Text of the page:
Sadhbh Walshe at the Guardian on America in the age of the warrior cop. “A few years ago, the police chief in Keene, New Hampshire (population: 23,000) announced plans to patrol the hamlet's ‘Pumpkin Festival and other dangerous situations’ with a 19,000-pound armored vehicle called the BearCat (price tag: $285,933, courtesy of a federal Homeland Security grant). What many other communities across America have learned since is that we're living in what the writer Radley Balko calls the age of the ‘warrior cop,” Walshe writes. “But when a heavily armed Swat team enters through a suburban backyard with military might – battering rams, explosive devices designed to temporarily blind suspects or other weapons designed for heavy combat zones – it's hard to see how that merits issuing a warrants to a potential drug offender. America is winding down wars abroad – depending on what the hell happens in Iraq, of course – but we are fueling an addiction to armed conflict here at home.”
Linda Greenhouse at The New York Times on the Supreme Court’s cellphone privacy ruling. “The Fourth Amendment’s prohibition of unreasonable search and seizure has given rise to a complex body of law, dense with precedents that can be maneuvered in just about any direction. So perhaps the most remarkable aspect of the Supreme Court’s decision on Wednesday barring warrantless searches of cellphones was how simple and obvious Chief Justice John G. Roberts Jr., who wrote the 9-0 opinion, made it all sound,” Greenhouse writes. “The Roberts court has too often been on the wrong side of history, most pointedly in its retrograde refusal to protect the right to vote. When it comes to technology, however, the court seems free of ideological baggage and is trying hard, collectively, to get it right.” Digiday’s Josh Sternberg tweets, “I'd go to law school if I could have Linda Greenhouse as a professor. (Assuming I could get in & afford it, natch).”
Sharif Nashashibi at Al Jazeera on contradictions around Iraq policies. “One can hardly be blamed for finding the Iraq crisis perplexing when even its main participants seem to be confused. The word ‘policy’ may be too generous, given that decision-makers seem to be making things up as they go along, struggling to keep up with developments, and to make sense of them,” Nashashibi writes. “The US has sent out mixed signals from the outset about what - if any - military action it would take. US, Iranian, and Iraqi officials have been woefully unclear and inconsistent regarding the crisis and their roles in it. This makes it extremely difficult to formulate coherent policies, which will hinder the possibility of resolving the conflict, to the grave detriment of all Iraqis.” Al Jazeera’s Tanya Goudsouzian tweets, “Why can't the #US and #Iran make up their minds on what to do with #Iraq?”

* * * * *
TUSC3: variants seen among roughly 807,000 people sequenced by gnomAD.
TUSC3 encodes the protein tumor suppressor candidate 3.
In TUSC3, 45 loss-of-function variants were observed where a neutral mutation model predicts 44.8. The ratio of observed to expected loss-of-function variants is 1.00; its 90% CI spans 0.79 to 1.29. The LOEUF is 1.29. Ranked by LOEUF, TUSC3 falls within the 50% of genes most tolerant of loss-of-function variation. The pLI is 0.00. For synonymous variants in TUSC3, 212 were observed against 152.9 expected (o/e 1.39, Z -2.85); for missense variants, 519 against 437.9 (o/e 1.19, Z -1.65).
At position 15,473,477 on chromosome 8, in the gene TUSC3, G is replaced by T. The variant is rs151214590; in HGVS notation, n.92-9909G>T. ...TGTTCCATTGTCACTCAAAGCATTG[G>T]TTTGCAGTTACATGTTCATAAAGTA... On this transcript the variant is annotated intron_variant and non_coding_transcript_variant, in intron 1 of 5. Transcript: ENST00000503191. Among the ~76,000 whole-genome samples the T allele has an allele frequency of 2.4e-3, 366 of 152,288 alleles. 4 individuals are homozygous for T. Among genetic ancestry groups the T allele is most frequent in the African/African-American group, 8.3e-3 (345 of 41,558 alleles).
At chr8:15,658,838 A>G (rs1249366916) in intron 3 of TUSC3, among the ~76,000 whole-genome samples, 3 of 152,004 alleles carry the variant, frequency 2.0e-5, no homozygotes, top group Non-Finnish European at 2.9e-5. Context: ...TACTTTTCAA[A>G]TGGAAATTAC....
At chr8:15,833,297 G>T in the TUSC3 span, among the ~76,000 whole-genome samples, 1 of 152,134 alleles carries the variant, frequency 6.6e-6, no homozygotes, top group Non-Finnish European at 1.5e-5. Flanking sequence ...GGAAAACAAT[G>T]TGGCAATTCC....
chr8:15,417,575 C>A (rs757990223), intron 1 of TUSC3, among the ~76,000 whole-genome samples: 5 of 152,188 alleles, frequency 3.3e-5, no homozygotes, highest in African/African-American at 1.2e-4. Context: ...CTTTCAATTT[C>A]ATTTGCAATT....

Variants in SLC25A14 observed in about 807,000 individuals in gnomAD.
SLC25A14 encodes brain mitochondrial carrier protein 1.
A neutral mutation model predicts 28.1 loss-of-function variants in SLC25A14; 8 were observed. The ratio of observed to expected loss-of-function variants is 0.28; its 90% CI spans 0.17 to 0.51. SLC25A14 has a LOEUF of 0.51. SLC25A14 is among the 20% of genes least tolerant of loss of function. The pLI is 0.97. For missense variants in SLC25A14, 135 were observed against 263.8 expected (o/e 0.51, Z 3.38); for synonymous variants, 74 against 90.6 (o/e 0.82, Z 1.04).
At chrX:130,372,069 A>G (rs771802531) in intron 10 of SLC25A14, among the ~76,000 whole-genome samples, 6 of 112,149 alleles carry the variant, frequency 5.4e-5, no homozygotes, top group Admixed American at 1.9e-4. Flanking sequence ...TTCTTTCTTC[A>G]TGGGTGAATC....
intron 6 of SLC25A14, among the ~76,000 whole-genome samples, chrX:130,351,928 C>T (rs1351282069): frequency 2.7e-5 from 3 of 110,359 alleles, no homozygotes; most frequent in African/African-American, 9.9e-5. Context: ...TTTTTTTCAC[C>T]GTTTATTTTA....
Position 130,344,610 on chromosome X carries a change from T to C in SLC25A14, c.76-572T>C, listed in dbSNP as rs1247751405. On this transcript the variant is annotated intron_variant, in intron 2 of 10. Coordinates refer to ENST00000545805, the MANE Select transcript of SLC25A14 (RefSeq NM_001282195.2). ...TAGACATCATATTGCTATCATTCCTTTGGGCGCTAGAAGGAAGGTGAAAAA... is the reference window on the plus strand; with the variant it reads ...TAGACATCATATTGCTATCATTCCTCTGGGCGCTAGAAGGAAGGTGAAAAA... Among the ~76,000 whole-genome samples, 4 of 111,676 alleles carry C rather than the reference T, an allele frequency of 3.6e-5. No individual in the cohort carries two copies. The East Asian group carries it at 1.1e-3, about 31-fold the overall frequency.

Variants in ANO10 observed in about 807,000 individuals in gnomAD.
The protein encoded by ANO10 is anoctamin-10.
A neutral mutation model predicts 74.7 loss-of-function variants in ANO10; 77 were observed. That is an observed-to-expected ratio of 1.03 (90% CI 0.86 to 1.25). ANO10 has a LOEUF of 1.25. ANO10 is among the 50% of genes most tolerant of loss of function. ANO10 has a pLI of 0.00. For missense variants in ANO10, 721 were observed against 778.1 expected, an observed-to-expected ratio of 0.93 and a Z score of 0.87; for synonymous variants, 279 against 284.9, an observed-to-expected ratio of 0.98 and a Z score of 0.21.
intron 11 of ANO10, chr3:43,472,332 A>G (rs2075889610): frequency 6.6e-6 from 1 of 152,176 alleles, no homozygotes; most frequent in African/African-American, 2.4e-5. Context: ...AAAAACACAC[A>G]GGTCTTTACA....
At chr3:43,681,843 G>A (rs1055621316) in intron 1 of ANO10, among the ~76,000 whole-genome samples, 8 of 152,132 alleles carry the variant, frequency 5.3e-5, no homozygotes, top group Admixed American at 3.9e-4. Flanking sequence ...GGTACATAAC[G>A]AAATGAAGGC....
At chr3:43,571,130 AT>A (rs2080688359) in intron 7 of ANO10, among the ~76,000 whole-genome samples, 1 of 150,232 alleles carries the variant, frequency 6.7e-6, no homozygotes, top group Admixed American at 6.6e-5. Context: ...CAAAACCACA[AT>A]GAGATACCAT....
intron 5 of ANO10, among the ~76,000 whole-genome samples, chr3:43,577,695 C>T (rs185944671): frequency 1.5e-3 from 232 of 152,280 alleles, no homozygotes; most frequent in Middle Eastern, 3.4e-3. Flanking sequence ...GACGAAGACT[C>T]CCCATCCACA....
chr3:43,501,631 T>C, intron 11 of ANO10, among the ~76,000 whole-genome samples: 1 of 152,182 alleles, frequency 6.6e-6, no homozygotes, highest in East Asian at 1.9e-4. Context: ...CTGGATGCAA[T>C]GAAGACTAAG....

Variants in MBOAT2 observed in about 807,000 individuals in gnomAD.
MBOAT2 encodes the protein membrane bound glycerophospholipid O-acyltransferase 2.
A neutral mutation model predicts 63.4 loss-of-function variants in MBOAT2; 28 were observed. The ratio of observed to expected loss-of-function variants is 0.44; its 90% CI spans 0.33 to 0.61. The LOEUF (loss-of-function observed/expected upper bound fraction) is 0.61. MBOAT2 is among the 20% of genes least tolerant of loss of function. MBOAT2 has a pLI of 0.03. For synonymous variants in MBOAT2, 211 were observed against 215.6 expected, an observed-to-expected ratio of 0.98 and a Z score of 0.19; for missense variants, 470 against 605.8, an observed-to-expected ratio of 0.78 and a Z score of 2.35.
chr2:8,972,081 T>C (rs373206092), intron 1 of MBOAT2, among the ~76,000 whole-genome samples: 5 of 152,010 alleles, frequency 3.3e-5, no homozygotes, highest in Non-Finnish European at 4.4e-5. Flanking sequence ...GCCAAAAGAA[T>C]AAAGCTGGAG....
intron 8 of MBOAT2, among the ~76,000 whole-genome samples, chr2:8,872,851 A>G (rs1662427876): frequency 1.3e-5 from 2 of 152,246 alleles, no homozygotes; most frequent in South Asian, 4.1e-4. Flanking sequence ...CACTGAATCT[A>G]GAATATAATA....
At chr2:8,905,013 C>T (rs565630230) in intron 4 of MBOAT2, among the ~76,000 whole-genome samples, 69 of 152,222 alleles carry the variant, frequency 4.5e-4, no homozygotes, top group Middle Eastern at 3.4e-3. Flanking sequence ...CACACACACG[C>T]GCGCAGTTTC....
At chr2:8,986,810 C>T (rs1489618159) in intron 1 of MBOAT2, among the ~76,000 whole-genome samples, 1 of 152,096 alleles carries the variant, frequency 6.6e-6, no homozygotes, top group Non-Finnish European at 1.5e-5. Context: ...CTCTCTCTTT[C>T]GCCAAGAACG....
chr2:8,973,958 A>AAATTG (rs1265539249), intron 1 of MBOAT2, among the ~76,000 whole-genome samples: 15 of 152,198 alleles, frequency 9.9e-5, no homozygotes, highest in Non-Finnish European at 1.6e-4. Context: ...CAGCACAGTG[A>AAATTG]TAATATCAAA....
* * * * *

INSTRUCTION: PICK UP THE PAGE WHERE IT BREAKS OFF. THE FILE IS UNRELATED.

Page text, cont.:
Ramesh Ponnuru at Bloomberg View on Marco Rubio's reformer transformation. “In a hostile take on Bill Clinton's campaign during the 1992 presidential primaries, two left-wing journalists wrote that his supporters ‘fired off neoliberal proposals like a Salad Shooter spews lettuce shreds.’ Senator Marco Rubio, a Florida Republican, seems to have adopted a similar approach. In his case, however, it's conservative reforms that he is spitting out. Let's hope other Republicans are starting to listen,” Ponnuru writes. “In a speech yesterday, Rubio explained how his conservative proposals would make a positive difference in Americans' lives -- something a lot of Republican politicians oddly haven't even tried to do in recent years. As reform-minded conservatives have kept scribbling, a lot of commentators in the media have raised doubts about whether any actual politicians would find their ideas promising.” The New Republic’s Danny Vinik tweets, “Yep, Rubio's emergence as a leader for reform conservatives is big.”
Alison Frankel at Reuters on the one-year anniversary of Windsor vs. U.S. verdict. “If you want to know just how monumental a gay-rights ruling the 9th U.S. Circuit Court of Appeals issued Tuesday, just two days short of Windsor’s one-year anniversary, take a look at the dissent written by Judge Diarmuid O’Scannlain and joined by Judges Jay Bybee and Carlos Bea. O’Scannlain posits that his colleagues’ decision in the case, GlaxoSmithKline v. Abbott Laboratories, ‘precludes the survival under the federal Constitution of long-standing laws treating marriage as the conjugal union between a man and a woman’," Frankel writes. "But it’s even more drastic than that, according to the dissent: The appellate decision has changed the standard for evaluating all laws targeting gays and lesbians, the dissent said, ‘with far-reaching — and mischievous — consequences’."